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'Next guy in' is Notre Dame mantra in wake of transfers

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For more on college football, follow Tom Davis via Twitter at Tom101010

Irish punt return game takes another blow

Thursday, March 28, 2013 - 6:01 am

SOUTH BEND – Going back in time two-plus decades, Notre Dame football fans often wondered how programs such as Ball State could consistently have better kickers than the nationally-renowned Fighting Irish.

Fast-forward to 2013 and many wonder the same thing in regards to punt returns. Notre Dame may have played for the 2013 BCS National Championship in January, but when it came to this particular area of the special teams, the Irish don't find themselves in the midst of Alabama, but battling the likes of North Texas.

If Wednesday's news regarding the punt return game is any indication of how 2013 will go, Notre Dame Nation needs to cling to its rosary beads.

It was announced on Wednesday that last year's leading punt return threat, sophomore-to-be DaVonte' Neal, was “no longer part of the football program,” according to Irish coach Brian Kelly.

Neal joined classmate and Irish wide receiver, Justin Ferguson, in deciding to transfer. Neither was made available for comment and Kelly didn't elaborate as to the reasons for the transfers.

“All I can tell you is when we break to stretch (at practice),” Kelly said, “and they're not out there, they are no longer on the roster. The roster is going to shift and move. We're going to have some additions and we're going to have some deletions.”

Neal did contribute to the program as a true freshman. However, before anyone begins to lament this being a significant loss, they need to keep in mind just how deplorable the Irish were in the punt return game a year ago.

Notre Dame ranked 116th out of 120 NCAA FBS squads with a 2.19-yard return average. So it isn't like Neal isn't replaceable.

“Next guy steps up,” Kelly said. “You know me, it's next guy in. We just fill it in.”

In fairness to Neal, Notre Dame has been terrible in the punt return game since 2009 when Golden Tate averaged over 14 yards per return.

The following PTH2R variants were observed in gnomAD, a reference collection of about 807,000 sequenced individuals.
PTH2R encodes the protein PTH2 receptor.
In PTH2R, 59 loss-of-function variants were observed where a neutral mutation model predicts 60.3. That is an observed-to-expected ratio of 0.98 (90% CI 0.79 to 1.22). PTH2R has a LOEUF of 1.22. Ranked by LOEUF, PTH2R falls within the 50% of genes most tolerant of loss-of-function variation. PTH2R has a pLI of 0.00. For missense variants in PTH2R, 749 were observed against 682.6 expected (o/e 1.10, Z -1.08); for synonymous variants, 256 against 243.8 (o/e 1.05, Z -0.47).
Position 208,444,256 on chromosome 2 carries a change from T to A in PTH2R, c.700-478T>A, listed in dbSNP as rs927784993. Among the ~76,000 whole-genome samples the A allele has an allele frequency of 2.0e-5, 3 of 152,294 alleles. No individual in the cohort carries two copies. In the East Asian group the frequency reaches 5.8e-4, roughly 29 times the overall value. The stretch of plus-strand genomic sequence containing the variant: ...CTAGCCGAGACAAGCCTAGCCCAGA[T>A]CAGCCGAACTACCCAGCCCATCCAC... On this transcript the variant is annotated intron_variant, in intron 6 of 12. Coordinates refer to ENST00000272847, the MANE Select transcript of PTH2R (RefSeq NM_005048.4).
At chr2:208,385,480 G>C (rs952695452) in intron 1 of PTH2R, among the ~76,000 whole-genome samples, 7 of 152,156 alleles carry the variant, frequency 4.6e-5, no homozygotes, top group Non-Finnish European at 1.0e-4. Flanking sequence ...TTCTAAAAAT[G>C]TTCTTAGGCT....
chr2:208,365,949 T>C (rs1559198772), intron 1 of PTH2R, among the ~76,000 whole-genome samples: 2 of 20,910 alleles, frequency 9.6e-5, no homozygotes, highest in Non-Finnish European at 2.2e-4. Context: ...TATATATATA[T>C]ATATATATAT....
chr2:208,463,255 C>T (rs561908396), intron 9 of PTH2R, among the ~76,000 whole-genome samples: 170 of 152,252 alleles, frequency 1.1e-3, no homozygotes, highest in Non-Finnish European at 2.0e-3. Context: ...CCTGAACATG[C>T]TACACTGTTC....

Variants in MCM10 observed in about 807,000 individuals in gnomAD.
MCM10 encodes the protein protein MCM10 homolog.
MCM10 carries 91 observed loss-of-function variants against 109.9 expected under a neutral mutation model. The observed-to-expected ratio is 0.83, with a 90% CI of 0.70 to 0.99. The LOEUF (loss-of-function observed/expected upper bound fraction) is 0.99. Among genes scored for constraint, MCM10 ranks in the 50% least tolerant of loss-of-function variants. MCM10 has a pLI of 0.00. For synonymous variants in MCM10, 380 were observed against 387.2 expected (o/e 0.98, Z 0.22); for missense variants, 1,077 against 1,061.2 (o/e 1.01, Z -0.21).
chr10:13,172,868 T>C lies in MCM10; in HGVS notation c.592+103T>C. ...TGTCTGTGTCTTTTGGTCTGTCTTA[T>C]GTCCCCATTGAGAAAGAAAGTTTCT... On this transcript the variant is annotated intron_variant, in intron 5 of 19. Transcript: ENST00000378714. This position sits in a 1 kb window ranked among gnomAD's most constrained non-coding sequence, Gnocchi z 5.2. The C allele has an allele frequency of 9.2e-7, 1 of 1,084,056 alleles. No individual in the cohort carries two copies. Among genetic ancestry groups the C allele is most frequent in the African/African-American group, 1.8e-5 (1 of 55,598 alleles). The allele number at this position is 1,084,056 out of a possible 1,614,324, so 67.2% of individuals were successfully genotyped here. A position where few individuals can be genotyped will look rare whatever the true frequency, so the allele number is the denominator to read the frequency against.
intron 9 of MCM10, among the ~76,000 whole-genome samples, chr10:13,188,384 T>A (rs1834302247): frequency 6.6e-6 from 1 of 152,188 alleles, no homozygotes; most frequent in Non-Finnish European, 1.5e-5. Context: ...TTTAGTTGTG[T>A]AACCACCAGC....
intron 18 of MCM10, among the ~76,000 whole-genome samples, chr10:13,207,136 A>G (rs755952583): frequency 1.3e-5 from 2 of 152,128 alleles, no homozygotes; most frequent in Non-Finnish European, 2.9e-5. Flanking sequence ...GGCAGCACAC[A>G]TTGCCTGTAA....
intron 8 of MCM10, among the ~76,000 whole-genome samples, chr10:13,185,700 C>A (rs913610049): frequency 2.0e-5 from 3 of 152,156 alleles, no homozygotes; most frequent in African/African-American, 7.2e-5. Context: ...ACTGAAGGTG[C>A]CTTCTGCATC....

In 2010, the Irish were paced by former Bishop Dwenger High School graduate John Goodman, who averaged just 1.3 yards per return, while a year later (2011) that number dropped to a minuscule .6 yards return average. So it isn't like Irish fans have overly high expectations for who takes over this fall. Kelly began auditioning guys on Wednesday to “fill it in.”

“There will be a number of guys,” Kelly said. “When (injured running back) Amir Carlisle comes back, he'll get a chance. C.J. Prosise is doing a great job. We're really excited about C.J. You'll see a lot of them this spring.”

Kelly also said that senior wide receiver TJ Jones will get an opportunity to show what he can do, as well.

After serving as a head coach into his third decade, Kelly said no decision that a young person makes in regards to leaving a program really ever surprises him.

“Nothing surprises me,” Kelly said. “I just deal with when I meet (with coaches) at 7 a.m., who are the guys that are here? I focus strictly on the program and the guys that I coach. I know that (Neal and Ferguson) are no longer in the program, nor will they be in the future.”

This is the second time since spring football started last week where Kelly had to deal with this issue. Last week, he announced that reserve quarterback Gunner Kiel was leaving the program. And on Wednesday, Kelly was quite frank about what the future held.

“There will be more guys leaving,” Kelly said. “There'll be more guys coming. This is a process that every year you go through. You're going to have some additions. You're going to have some deletions. But we didn't miss a step. Our guys will go out and compete. They know (and) they've been through it.”